When a piece of the past is recovered, it's like a precious memory has been remembered. Here's a piece I did on the Hollyhock house, a beautiful dwelling and a neighborhood spot that has re-opened to the public this year! Best of all, I wrote it for the National Trust for Historic Preservation, whose work has saved many of these beautiful pieces of America's past.

Text by: Carren Jao
Edited by: Meghan Drueding
Published: May 2015, Preservation


Solving Animal Gridlock

Posted by Carren Jao Pineda |

Humans aren't the only ones with a traffic problem. As urban life extends, it sometimes impinges on the established transportation routes of some beautiful creatures. Here's my piece on the bestial traffic jam in Los Angeles. 

Text by: Carren Jao
Edited by: Nancy Miller
Published: August 2015, Los Angeles

LA has a native plant shortage and a wealth of projects that require exactly this type of plants. What to do? A creative solution being proposed now is a network of nurseries that will not only provide native plants, but green jobs for the city. 

Text by: Carren Jao
Edited by: Yosuke Kitazawa
Published: 23 July 2015, KCET

Image: Grown in L.A./Mia Lehrer + Associates
One key feature in every Los Angeles River-adjacent project is the use of native plants. It's a good feature, but hardly anyone ever stops to wonder, "Where does Los Angeles get all those plants?" It turns out, sometimes those native plants are shipped from San Diego, or even as far as Oregon. It's native, in a sense, but not really.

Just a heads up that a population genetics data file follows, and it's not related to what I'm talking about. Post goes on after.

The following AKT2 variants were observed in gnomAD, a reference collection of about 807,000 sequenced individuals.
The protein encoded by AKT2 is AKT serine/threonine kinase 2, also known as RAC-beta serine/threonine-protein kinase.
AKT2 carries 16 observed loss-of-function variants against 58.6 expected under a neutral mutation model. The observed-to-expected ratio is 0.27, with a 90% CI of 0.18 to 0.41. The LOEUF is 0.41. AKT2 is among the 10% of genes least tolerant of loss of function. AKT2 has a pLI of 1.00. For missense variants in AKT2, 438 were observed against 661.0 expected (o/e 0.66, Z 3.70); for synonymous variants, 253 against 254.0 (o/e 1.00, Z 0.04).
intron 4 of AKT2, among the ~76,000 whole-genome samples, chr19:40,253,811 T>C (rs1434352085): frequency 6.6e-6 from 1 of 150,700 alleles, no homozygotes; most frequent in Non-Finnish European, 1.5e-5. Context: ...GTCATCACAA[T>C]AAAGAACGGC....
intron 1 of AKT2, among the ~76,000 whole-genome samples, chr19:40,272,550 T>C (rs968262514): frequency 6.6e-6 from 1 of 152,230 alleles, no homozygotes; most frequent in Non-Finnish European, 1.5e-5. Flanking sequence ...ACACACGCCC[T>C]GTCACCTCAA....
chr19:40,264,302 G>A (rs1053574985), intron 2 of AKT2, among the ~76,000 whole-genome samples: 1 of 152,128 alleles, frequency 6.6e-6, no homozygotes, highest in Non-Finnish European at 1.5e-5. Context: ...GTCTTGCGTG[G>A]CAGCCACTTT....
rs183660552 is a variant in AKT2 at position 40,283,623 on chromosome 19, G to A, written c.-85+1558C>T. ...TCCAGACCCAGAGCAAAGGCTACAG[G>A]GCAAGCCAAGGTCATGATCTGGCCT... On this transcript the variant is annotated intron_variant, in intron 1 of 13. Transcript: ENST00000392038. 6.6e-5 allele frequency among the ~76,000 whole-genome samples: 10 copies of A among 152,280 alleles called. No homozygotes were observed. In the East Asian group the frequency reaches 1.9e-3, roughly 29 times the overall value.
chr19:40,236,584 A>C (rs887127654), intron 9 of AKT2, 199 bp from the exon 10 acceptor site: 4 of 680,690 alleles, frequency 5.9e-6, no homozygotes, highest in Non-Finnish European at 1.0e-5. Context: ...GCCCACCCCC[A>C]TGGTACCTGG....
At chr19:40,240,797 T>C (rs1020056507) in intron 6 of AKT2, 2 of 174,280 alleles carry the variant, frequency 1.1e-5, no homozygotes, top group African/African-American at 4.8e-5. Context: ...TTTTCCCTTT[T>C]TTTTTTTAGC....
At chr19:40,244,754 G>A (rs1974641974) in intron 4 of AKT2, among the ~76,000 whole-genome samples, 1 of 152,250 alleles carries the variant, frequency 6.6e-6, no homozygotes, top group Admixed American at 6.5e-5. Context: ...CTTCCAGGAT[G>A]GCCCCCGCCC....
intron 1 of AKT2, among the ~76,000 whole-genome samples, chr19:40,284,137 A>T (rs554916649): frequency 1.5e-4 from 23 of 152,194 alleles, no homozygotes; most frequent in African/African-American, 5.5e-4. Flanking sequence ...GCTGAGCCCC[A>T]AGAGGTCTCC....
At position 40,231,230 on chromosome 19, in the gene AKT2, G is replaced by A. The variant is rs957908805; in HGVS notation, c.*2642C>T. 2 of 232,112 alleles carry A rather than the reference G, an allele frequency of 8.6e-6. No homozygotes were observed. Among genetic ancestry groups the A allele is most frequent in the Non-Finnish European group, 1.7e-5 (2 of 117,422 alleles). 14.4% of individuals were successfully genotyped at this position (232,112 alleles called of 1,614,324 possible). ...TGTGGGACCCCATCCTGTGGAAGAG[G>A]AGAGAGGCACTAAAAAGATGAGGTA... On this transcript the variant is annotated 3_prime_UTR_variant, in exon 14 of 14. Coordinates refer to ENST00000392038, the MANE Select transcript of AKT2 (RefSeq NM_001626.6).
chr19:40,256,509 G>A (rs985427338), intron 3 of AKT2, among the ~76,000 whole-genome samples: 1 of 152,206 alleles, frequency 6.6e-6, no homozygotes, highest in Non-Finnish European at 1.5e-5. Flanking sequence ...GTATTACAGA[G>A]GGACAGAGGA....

"We need to be creating a viable, native source, locally collected native plant material intead of farming it out to these other areas," says Kat Superfisky, a project designer for Mia Lehrer + Associates.

Los Angeles has ambitious plans to restore an eleven-mile stretch of its previously neglected waterway, plus many more water conserving projects are coming online in a city gripped with drought. A key feature in all of these are native plants, which are quickly dwindling in supply, an issue we've covered previously.

Now, a widespread collaborative of federal and state agencies, non-profits, and private firms have come together to solve the Los Angeles Rivers' native plant supply problem, in an initiative called Grown in L.A. [read more]


David Wiseman's nature-inspired pieces

Posted by Carren Jao Pineda |

Nature is undoubtedly beautiful and capturing it is a tough challenge. Artist David Wiseman gamely meets this difficult obstacle and surpasses expectations. 

Text by: Carren Jao
Edited by: Alice Short
Published: 30 May 2015, Los Angeles Times

Wiseman at work on his installation for the library. via New York Times
Entering one of David Wiseman's immersive installations is like discovering the beautiful landscape of Narnia inside an austere wardrobe, guaranteed to elicit wonder and even a creeping belief in magic.

The Los Angeles-based designer has made a name for himself by creating painstakingly crafted pieces that range from limited-edition small objects to intricate worlds of flora and fauna, using materials as diverse as porcelain and metal. [read more]

Get updates via RSS